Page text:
Friday, September 4, 2009

136 - Dragon House; John Shors


Iris Rhodes is a young woman, a book reviewer, trying to fulfill her departed father's wish, to open a center for Vietnamese street children. A place for them to stay and to be educated. Her father came back from Vietnam a shell of the man he was before, suffering from PTSD. He was unable to ease his suffering once he came home to his wife and daughter. He traveled to Vietnam after the war with a dream of doing some good, and by doing so, little by little he began to heal.

As Iris makes plans to leave Chicago for Vietnam, she reluctantly agrees to take Noah Woods with her as a favor to his mother. Noah spent time in Iraq, lost his leg while serving his country, and has lost his way, along with the spirit to live. He spends time easing his pain with alcohol.

Once they arrive in Vietnam...."a country that had know little but war for many generations, was strangely peaceful, as if the spirits of the slain had somehow infiltrated the spirits of the living. Hope abound across the land. Hope often obscured by shanties and brothels and misery, but nonetheless a collective aspiration for a better tomorrow".

Iris is surprised to learn that the center her father started was named after her: The Iris Rhodes Center for Children. It is around the playground of this center that her father wished to have his ashes spread. Noah begins work building a playground at the center, and at the same time he begins to find purpose and meaning to life......"Noah believed that a miracle had happened. In Baghdad, a part of him had been killed, and that part would never fully return. But in a warehouse outside Nha Trang, he had been given a chance to live".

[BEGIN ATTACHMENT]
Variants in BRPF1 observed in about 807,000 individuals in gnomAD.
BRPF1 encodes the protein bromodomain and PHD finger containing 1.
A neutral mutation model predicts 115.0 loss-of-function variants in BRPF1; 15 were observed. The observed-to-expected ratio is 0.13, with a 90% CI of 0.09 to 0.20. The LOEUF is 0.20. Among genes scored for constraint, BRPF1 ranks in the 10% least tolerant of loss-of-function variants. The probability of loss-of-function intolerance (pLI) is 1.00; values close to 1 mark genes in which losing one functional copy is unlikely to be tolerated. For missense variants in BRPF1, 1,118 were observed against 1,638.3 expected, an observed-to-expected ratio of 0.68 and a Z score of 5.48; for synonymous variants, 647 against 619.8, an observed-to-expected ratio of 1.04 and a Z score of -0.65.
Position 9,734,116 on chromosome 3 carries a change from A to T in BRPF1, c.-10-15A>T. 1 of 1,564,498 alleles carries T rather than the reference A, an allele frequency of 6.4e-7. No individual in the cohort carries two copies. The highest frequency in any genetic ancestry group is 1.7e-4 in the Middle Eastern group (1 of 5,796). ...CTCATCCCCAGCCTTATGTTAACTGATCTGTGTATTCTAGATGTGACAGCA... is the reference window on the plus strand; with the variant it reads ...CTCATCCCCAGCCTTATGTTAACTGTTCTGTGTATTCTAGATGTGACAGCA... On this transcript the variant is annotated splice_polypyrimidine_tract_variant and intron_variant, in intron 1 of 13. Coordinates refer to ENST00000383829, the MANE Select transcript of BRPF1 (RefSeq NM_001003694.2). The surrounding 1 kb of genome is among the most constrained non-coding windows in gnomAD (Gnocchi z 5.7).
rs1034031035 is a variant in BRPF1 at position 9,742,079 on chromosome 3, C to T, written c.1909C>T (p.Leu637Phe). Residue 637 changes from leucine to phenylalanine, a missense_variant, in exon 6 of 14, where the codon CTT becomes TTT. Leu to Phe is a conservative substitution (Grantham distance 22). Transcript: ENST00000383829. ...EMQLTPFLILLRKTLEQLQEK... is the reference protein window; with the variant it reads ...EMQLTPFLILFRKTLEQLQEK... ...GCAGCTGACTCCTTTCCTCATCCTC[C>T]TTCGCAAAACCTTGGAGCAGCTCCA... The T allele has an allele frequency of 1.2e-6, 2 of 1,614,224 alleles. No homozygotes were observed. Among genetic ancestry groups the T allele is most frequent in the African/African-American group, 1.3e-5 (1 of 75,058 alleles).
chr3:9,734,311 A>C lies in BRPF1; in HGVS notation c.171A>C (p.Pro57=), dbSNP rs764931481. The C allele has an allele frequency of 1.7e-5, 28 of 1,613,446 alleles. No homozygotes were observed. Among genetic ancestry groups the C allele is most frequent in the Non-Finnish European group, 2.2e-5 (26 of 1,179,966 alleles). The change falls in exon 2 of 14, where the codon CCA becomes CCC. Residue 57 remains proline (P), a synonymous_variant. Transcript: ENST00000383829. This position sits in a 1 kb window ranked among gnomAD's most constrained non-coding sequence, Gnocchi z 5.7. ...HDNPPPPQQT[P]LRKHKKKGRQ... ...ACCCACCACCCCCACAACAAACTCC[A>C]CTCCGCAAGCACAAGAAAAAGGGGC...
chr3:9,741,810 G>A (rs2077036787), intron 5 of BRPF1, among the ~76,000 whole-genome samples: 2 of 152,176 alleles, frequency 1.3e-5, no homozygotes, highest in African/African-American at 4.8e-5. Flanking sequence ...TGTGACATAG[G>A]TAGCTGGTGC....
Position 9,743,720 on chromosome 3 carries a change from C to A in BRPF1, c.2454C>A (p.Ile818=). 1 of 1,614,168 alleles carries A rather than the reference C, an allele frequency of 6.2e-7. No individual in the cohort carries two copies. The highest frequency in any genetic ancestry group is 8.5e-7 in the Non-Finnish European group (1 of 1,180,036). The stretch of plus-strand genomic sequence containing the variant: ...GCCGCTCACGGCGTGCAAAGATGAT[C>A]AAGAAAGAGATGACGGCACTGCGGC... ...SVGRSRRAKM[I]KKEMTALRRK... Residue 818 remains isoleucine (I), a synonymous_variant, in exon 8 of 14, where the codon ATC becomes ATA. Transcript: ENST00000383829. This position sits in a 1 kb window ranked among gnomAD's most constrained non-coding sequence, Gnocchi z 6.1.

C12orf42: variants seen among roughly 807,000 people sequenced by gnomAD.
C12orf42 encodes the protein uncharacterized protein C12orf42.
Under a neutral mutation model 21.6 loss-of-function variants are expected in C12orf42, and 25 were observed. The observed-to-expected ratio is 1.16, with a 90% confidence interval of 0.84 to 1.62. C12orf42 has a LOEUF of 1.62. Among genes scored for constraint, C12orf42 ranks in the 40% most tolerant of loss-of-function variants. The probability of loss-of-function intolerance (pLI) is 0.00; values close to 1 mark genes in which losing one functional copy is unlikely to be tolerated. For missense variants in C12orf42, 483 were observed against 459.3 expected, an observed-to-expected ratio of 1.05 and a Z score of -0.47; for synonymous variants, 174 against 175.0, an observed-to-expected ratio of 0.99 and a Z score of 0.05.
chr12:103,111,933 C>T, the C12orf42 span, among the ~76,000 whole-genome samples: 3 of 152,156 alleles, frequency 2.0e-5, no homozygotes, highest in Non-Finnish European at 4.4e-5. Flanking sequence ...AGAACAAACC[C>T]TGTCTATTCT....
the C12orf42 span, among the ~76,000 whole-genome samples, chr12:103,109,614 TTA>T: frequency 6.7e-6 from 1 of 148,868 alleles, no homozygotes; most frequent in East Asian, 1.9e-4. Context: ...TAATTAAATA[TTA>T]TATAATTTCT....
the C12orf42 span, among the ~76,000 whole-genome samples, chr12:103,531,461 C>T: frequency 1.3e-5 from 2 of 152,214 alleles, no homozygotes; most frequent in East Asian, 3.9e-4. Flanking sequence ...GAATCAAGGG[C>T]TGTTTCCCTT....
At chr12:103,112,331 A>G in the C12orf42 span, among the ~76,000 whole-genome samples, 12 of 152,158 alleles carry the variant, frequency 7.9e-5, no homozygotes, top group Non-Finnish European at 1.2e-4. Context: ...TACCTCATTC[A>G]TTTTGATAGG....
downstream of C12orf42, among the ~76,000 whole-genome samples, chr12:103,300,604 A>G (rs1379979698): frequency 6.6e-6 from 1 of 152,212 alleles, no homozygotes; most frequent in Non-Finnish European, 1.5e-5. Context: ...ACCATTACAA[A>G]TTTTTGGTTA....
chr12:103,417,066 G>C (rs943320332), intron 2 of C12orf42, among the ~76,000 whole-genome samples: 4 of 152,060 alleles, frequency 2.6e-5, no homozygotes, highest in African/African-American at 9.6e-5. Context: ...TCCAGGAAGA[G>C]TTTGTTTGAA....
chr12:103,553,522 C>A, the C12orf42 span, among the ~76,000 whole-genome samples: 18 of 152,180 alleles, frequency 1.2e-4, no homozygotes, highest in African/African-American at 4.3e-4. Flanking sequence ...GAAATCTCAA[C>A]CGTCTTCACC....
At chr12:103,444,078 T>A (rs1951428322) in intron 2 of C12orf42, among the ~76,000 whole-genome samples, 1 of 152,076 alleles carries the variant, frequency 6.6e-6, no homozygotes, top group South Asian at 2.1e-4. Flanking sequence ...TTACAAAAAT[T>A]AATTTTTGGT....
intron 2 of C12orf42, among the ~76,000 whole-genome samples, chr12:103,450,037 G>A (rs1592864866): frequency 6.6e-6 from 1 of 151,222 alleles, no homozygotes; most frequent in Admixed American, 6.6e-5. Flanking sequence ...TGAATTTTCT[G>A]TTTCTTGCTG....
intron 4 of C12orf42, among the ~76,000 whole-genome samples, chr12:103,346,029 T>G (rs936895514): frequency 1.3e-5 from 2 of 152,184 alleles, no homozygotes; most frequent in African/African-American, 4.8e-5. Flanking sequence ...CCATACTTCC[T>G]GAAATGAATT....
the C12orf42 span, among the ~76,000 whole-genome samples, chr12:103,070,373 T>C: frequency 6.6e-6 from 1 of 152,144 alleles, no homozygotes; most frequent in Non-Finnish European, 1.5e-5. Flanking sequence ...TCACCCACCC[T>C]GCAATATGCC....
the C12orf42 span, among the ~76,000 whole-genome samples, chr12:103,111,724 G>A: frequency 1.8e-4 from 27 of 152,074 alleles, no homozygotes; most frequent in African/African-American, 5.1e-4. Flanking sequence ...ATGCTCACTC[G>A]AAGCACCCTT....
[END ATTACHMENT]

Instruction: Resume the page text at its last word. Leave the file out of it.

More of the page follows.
The central characters in this story are vivid and unforgettable. They are Tam, a young girl with leukemia and her grandmother Qui. They beg for money to buy medicine to ease Tam's pain from the leukemia. We also get to know two street children, Mai and Minh, who are forced to beg, while being controlled by Loc, an opium addict, who threatens them and treats them as slaves.

Dragon House is a poignant story. Its powerful themes of suffering, sacrifice, friendship, and love, is a story that celebrates the human spirit, demonstrating once again that despite all the ugliness, pain and betrayal some individuals are forced to endure in life, the human spirit is resilient and cannot easily be beaten. Although the book is a work of fiction, the plight of the children is real. Yes, while post war Vietnam has improved, there remains: street children, prostitution, drug addiction, wounded war victims as well as Agent Orange victims, as well as other atrocities.

I really thought this book was excellent, but I found it difficult to read in one sitting. The sometimes painful subject matter, made me take this one in smaller doses. This is not said to discourge you, but I thought it was important to mention. The novel appears to be extremely well researched. The author, did an amazing job transporting the reader to Ho Chi Mihn City. The sites, smells, cruelty, and the hope and love are all easily felt by the reader. His efforts should be applauded by trying to inspire others to help make the world a better place, especially when it comes to helpless children. RECOMMENDED